I spent the weekend watching Peter get his new demo boat ready to put on the water this week and can’t help but look back on the last ten years. I remember a couple of years ago getting back from a long, rewarding, hard and fun weekend selling fishing tackle at a ice fishing show in South Dakota. Peter was 15 at the time and was a blast watching him shine doing what he loves-talking fishing. It’s hard to believe that he has been running Missouri Secrets Tackle with his brother for 10 years now. At first, Kirsten and I were just parents with a drivers license at sport shows like this one, but that year Peter got his own drivers license, bought a new truck and kept mom and dad around for moral support. There is a lot of parental pride watching Peter and Dan’s success in a small little venture they started when they were eight and ten years old, respectively. However, there is a back story that needs to be told, not because of what we see in our boys, but what we hear from the older generations.
So how did Missouri Secrets Tackle come to be? Well, when I got hurt in 2005 we lost everything in a gradual destruction of our business and finances. It was a time when every financial decision we made was a no-win situation. Money wasn’t tight; it was non-existent. Due to our situation and the plan that we were going to raise our kids to work for what they wanted, before I got hurt, we started having the kids do odd jobs to earn some spending cash. Keep in mind that Dan was 5 and Peter was 3 when I got hurt.
When Peter was 4 or 5 he wanted to start shooting the .22 so we asked him if he had some money to buy some rounds. He went to his room and came out with a handful of change and bills. On our next trip to town we stopped at the sporting goods store. Peter ran to pick out two boxes of .22 rounds and we looked at the price and made sure he had enough money to cover the cost. This was not the first time he bought something with his own money, but is definitely the time I remember. He proudly walked up to the register and placed his rounds on the counter. The clerk rang them up and asked for the total. Peter proudly counted out the money and gave it to the clerk. She took the money and placed it in the till. Peter’s face instantly turned from pride to a horrified, confused combobulation as he looked at me and said, “what is she doing with my money?”. I said “putting it in the register, that’s her job”. He looked back and forth between me and the clerk a few times and with a desperate confusion in his young, crackling voice and tears streaming down his face he proclaims “I want my money” without skipping a beat, the clerk leaned over the counter and with all the compassion she could muster looks at Peter and says, “Honey, I feel the same way every time I go shopping”. After a little convincing by me and the clerk, Peter decided to leave his money in the till and take the .22 rounds home.
Fast forward 14 years…Dan and Peter are selling fishing tackle at sport shows across the upper midwest and one of my favorite things to do is talk to all the folks who are watching Dan and Peter sell tackle. There is a comment made that completely caught me off guard the first time I heard it. But now that we’ve been following the boys selling tackle for 10 years, we hear this comment between five and 10 times every show. What’s interesting about this comment is who it comes from. It’s typically from the generations that lived through the Great Depression and World War II. These are folks that I have a lot of respect for and they generally don’t speak about personal things with much of anybody. And because of this, I was first caught off guard by this comment and now realize how close I was of been guilty of the same thing they’re commenting on.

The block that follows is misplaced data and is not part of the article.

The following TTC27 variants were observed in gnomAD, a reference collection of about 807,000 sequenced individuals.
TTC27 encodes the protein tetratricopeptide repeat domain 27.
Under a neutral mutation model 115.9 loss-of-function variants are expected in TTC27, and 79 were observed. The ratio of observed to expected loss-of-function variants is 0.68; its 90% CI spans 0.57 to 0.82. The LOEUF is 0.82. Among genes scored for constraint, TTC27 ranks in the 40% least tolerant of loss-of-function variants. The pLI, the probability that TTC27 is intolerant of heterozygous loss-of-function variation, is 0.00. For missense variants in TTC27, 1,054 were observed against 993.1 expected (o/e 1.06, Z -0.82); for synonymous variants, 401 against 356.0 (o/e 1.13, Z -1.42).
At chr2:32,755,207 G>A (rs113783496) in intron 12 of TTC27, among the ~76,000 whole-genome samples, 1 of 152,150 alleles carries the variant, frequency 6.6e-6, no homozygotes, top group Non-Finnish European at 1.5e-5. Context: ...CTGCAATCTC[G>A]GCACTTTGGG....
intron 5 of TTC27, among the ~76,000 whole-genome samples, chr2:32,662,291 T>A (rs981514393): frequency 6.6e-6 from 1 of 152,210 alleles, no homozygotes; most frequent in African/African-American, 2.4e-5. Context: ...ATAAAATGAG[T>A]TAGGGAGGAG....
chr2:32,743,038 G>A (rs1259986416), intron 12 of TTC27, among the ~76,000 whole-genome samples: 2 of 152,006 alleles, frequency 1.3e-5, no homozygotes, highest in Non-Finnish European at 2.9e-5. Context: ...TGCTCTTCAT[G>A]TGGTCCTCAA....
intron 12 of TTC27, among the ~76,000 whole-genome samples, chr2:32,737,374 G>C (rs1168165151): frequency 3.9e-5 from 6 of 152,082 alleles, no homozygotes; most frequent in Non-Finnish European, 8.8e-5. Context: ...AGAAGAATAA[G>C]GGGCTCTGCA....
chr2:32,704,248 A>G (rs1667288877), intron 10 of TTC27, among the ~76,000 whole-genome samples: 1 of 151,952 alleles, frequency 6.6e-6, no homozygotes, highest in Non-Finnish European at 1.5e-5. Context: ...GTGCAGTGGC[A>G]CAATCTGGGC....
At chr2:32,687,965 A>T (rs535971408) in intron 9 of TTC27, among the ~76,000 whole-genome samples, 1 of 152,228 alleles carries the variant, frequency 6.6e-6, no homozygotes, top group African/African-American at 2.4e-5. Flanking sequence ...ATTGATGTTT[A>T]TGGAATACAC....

The conversation typically goes like this. They ask what exactly is going on with two young boys selling fishing tackle and I give them a quick little description of how Dan and Peter were earning money to support their hunting and fishing habits and learn the value a dollar. And then they look at me or Kirsten and say “this is amazing, I ruined my kids.” You can see why it caught us off guard the first couple of times we heard it. Every time I hear this comment we ask, “what do you mean by that” and the answer is typically the same. They say something to the effect of “I did everything I could for my kids so they didn’t have to work like I did, and because of that, they have no work ethic and they expect someone else to do everything for them.” This show was no different; we had six people come and ask what was going on at our booth and make this comment and we had the same conversation.
What’s humbling about this conversation is that Kirsten and I probably would’ve never stuck to our plan or at least never been as strict as we talked about before we had kids, if I never would’ve gotten hurt. And if that was the case, none of our kids would’ve learned the valuable lessons about faith that we as a family have had the opportunity to learn over the last 15 years. There’s a really good chance I would not have had the opportunity to take the stage with my son Peter at that sport show and teach a seminar entitled “Raising an Angler”, where he and I discuss what it takes from the parent’s and child’s perspective to raise a kid to love and respect the outdoors. So don’t be afraid to make your kids work for things. Don’t be afraid of not giving them what everybody else has given their kids. What I’ve learned over the last 15 years is that the most important thing you can give your kid is the one thing only you can give and that’s you. You can only teach them what you know and help point them in the direction they need to go for the rest of their life. It’s a lot of fun to learn hard work, determination and what it means to have faith together as a family.
Don’t miss out.
Original Published in November 2017
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